Well-known trademarks in Estonia
The WIPO (The World Intellectual Property Organization) has the Recommendation for the Protection of Well-Known Marks that is ’soft-law’, meaning that it is not a binding legal instrument. Majority of the Member States of the EU are not providing any specific provisions concerning the procedure of determining whether a trademark is well-known. However three states: Estonia, Bulgaria and Romania have provided in their national trademark laws detailed provisions of the criteria for determining whether a trademark is well-known or not. These criteria remind the ones established in the WIPO recommendation and they are to be found from the Estonian Trade Marks Act (hereinafter, TMA) in Article 7.
Moreover the unregistered trademarks for unrelated goods and services is given also in the Estonian law, particularly in Art. 10(3) of the Estonian TMA. The article excludes the legal protection of a later trade mark, if the later trademark is identical or similar to a trademark that has been registered earlier and which:
- (1) has been filed for registration or to a trade mark
- (2) is known to the majority of the Estonian population and
- (3) has been granted legal protection for different kinds of goods or services if the use of the later trade mark without due cause would take unfair advantage of, or be detrimental to, the distinctive character or the repute of the earlier trade mark.
The Relevant cases
Bauhaus case (2012)
This was a case handled by the Estonian District Court, concerning the trademark ’BAUHOF’ of the defendant Bauhof Group AS, which is the biggest retail business in construction materials and gardening goods in Estonia and its dispute with the applicant Demp B.V. who does similar business and owns the trademark ’BAUHAUS’. The dispute was concerning the issue that is the trademark ’BAUHAUS’ and ’BAUHOF’ confusingly similar or to be associated with each other. In the case it was mentioned that the likelihood of confusion is greater the stronger the distinctive character of the earlier mark is, in other words the higher the reputation and the more well-known the earlier mark is. Thus the reputation is a factor to consider in assessing whether the signs or the similarity between the goods and services is sufficient to give rise to a likelihood of confusion. However because intellectual property is subject to the principle of territoriality, the use of the mark was linked to the territory of Estonia, which has a distinctive character or the reputation of the earlier mark must be linked with Estonia. The evidence submitted by the applicant- newspaper articles - were related to brand image abroad and thus the applicant did not prove that the earlier mark is well-known in Estonia under the criteria of Art 7 of TMA. In addition based on the opinion of the court that there was no likelihood of confusion between the marks in question, there was no need to resolve the question of whether the trademark is well-known under Art 7(1) of the TMA as that is only associated with the law enforcement or appeal procedures concerning the legal protection of the trademark.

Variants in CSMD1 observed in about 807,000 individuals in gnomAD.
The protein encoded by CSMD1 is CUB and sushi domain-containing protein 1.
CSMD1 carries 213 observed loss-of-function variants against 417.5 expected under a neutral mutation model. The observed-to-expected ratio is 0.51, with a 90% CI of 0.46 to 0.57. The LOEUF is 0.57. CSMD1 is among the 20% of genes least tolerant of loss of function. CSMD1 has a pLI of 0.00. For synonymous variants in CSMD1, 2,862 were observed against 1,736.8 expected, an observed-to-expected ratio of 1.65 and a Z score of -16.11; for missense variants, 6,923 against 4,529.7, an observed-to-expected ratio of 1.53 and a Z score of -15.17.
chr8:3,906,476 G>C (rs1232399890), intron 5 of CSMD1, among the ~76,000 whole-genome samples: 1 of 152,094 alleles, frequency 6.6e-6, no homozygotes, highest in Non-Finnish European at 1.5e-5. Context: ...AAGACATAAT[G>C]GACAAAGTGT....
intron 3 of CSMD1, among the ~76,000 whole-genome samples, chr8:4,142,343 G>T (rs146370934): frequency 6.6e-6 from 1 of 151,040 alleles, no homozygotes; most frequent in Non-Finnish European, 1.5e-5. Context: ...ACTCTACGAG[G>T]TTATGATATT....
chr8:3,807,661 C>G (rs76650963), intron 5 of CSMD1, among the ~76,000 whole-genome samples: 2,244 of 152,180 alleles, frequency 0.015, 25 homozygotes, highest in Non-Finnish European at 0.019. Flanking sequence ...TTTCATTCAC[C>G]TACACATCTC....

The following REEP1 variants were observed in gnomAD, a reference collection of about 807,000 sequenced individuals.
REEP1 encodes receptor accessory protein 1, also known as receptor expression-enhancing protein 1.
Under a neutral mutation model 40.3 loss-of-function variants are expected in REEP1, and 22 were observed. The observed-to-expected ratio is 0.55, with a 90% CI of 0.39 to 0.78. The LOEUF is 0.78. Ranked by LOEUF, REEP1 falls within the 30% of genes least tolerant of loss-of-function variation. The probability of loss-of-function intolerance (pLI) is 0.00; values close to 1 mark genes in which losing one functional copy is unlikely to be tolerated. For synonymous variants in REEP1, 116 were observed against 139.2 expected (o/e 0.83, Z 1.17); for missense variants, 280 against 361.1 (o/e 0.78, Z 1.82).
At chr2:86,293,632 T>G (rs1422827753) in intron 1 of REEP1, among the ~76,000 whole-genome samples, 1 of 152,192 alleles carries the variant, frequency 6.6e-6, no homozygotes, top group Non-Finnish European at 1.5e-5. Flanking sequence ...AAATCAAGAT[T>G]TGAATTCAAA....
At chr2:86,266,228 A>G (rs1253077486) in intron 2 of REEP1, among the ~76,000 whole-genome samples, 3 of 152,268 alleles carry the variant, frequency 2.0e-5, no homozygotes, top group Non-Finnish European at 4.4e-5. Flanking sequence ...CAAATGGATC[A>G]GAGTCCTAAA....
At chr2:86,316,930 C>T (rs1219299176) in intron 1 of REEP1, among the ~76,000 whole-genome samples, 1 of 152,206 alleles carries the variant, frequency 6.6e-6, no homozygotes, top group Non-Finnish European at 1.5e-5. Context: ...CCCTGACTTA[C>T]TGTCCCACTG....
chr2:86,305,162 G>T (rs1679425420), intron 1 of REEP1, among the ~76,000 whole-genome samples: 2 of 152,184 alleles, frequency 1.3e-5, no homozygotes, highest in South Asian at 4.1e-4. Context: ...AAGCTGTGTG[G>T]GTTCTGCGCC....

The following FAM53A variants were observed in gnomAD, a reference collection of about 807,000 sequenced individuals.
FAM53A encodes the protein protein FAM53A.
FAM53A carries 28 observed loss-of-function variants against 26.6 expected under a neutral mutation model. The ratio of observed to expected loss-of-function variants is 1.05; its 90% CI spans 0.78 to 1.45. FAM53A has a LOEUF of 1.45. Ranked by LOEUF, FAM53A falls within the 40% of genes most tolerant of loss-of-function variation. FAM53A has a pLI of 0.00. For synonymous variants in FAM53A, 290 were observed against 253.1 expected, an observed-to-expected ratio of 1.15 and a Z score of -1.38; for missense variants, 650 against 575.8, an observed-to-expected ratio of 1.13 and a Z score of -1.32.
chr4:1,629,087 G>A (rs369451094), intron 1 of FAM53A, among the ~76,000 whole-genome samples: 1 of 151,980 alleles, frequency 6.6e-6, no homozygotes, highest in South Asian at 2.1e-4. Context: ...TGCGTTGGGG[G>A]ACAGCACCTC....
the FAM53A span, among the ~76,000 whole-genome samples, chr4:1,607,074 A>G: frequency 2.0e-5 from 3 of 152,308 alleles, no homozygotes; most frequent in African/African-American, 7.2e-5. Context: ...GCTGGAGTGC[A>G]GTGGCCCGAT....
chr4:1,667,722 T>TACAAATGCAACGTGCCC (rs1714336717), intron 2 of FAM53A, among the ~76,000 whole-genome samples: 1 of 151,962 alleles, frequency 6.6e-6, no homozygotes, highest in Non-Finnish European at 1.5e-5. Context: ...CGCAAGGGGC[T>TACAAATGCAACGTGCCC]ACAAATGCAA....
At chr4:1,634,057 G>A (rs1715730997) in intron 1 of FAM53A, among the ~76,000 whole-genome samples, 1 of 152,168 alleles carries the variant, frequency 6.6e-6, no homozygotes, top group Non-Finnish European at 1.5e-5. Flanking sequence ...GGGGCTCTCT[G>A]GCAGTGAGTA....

Superalko case (2012)
Moreover, the other case concerning well-known trademarks is the ’Superalko’ case (2012). In the case the applicant’s trademark ’SUPERALKO' and the defendant’s trademark ’VIINARANNASTA’ which both have different owners who are involved in the similar business - sale of alcoholic beverages. It was proven by the applicant that the defendant had put advertisement in its facilities that was misleading the consumers to think the defendant’s store is Superalko-store. According to the Trademark law, the idea of the trademark is to work as a sign used to distinguish goods or services of one person from another person of the same type of goods or services. Thus, the main task of the trademark proprietor is to distinguish products or services from those of the competitor’s. In the case it was thus considered that the defendant misled the customers and was breaching the applicants right of prohibiting the third parties from using the protected identical marks to the trademark (also the well-known trademarks) in their business activities and considering the fact that the possibility that the consumers may think the trademarks as well as the advertisements are unmistakably same. It was considered in the case that the defendant was interpreting the meaning of well-known trademark and the clauses from TMA, according to which the plaintiffs have made the appeal, wrongly.